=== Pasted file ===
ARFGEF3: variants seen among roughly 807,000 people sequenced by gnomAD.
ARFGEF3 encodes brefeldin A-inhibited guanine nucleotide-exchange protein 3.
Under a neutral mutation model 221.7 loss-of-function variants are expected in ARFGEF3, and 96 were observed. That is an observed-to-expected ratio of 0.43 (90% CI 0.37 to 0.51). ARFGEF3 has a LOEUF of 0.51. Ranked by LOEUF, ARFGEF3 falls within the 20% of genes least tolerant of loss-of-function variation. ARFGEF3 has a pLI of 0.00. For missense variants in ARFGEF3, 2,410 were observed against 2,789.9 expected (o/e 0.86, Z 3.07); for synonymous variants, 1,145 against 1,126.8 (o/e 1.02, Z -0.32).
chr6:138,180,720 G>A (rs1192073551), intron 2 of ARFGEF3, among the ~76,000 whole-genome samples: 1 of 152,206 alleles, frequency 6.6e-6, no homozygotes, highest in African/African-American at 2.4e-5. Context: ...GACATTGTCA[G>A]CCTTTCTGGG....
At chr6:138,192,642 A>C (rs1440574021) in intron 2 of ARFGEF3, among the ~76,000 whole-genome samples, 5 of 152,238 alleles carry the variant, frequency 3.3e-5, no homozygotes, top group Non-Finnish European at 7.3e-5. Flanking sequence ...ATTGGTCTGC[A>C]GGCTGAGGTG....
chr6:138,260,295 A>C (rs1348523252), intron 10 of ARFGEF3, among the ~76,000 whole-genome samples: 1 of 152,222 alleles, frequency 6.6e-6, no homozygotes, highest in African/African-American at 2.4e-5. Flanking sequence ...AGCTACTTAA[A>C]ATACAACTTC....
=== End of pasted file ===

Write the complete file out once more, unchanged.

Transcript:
ARFGEF3: variants seen among roughly 807,000 people sequenced by gnomAD.
ARFGEF3 encodes brefeldin A-inhibited guanine nucleotide-exchange protein 3.
Under a neutral mutation model 221.7 loss-of-function variants are expected in ARFGEF3, and 96 were observed. That is an observed-to-expected ratio of 0.43 (90% CI 0.37 to 0.51). ARFGEF3 has a LOEUF of 0.51. Ranked by LOEUF, ARFGEF3 falls within the 20% of genes least tolerant of loss-of-function variation. ARFGEF3 has a pLI of 0.00. For missense variants in ARFGEF3, 2,410 were observed against 2,789.9 expected (o/e 0.86, Z 3.07); for synonymous variants, 1,145 against 1,126.8 (o/e 1.02, Z -0.32).
chr6:138,180,720 G>A (rs1192073551), intron 2 of ARFGEF3, among the ~76,000 whole-genome samples: 1 of 152,206 alleles, frequency 6.6e-6, no homozygotes, highest in African/African-American at 2.4e-5. Context: ...GACATTGTCA[G>A]CCTTTCTGGG....
At chr6:138,192,642 A>C (rs1440574021) in intron 2 of ARFGEF3, among the ~76,000 whole-genome samples, 5 of 152,238 alleles carry the variant, frequency 3.3e-5, no homozygotes, top group Non-Finnish European at 7.3e-5. Flanking sequence ...ATTGGTCTGC[A>C]GGCTGAGGTG....
chr6:138,260,295 A>C (rs1348523252), intron 10 of ARFGEF3, among the ~76,000 whole-genome samples: 1 of 152,222 alleles, frequency 6.6e-6, no homozygotes, highest in African/African-American at 2.4e-5. Flanking sequence ...AGCTACTTAA[A>C]ATACAACTTC....